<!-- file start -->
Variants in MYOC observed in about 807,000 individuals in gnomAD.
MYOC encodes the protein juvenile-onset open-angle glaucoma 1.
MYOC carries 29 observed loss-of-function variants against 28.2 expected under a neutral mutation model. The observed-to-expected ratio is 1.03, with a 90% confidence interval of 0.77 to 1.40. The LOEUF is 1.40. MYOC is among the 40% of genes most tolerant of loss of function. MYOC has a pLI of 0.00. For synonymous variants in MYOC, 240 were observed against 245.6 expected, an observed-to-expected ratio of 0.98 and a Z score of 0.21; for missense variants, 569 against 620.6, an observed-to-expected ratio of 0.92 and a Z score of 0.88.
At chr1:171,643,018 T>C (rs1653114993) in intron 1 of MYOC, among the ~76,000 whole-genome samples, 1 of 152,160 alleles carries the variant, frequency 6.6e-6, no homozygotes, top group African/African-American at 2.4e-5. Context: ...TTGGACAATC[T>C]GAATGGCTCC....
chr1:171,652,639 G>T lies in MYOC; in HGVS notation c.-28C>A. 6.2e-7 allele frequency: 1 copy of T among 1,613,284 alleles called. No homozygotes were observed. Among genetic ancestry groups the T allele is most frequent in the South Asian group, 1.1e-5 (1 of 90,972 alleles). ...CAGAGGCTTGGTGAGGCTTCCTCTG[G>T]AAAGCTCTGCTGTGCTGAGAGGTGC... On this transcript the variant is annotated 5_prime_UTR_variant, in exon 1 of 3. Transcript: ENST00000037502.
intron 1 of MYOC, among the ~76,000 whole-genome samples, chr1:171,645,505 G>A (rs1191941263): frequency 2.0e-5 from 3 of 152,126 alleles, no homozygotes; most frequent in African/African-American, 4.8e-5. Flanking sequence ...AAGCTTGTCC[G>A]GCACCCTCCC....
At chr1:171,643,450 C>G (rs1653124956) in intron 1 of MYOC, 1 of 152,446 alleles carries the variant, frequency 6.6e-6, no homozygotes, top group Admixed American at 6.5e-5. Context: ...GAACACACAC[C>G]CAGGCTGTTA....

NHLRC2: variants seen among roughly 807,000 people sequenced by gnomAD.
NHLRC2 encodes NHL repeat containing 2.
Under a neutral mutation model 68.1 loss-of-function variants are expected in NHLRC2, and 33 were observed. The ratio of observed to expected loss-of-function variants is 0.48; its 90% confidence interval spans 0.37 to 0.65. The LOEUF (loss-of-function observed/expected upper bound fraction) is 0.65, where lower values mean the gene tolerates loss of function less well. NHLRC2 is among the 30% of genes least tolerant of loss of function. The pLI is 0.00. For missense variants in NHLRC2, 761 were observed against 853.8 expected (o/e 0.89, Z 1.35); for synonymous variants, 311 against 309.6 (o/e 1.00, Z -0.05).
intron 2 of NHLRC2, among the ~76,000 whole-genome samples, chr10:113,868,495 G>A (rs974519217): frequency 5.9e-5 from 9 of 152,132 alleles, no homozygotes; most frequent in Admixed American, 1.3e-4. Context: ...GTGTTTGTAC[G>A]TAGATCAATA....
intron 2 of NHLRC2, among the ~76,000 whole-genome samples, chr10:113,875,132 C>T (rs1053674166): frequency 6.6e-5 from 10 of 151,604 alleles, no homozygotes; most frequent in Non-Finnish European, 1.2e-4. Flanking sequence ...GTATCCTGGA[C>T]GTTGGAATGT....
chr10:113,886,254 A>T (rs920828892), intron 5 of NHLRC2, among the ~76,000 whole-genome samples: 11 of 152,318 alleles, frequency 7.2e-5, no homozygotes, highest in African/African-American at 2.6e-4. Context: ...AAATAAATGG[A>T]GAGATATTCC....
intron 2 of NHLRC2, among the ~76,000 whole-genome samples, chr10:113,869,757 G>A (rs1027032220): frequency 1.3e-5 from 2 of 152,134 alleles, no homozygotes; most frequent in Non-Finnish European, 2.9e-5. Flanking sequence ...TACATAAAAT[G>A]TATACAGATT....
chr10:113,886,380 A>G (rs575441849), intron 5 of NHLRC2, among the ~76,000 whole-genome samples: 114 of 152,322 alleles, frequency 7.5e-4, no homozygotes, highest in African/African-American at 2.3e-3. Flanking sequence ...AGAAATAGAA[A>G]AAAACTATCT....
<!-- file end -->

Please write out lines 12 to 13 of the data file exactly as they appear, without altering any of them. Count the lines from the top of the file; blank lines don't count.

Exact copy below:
intron 2 of NHLRC2, among the ~76,000 whole-genome samples, chr10:113,875,132 C>T (rs1053674166): frequency 6.6e-5 from 10 of 151,604 alleles, no homozygotes; most frequent in Non-Finnish European, 1.2e-4. Flanking sequence ...GTATCCTGGA[C>T]GTTGGAATGT....
chr10:113,886,254 A>T (rs920828892), intron 5 of NHLRC2, among the ~76,000 whole-genome samples: 11 of 152,318 alleles, frequency 7.2e-5, no homozygotes, highest in African/African-American at 2.6e-4. Context: ...AAATAAATGG[A>T]GAGATATTCC....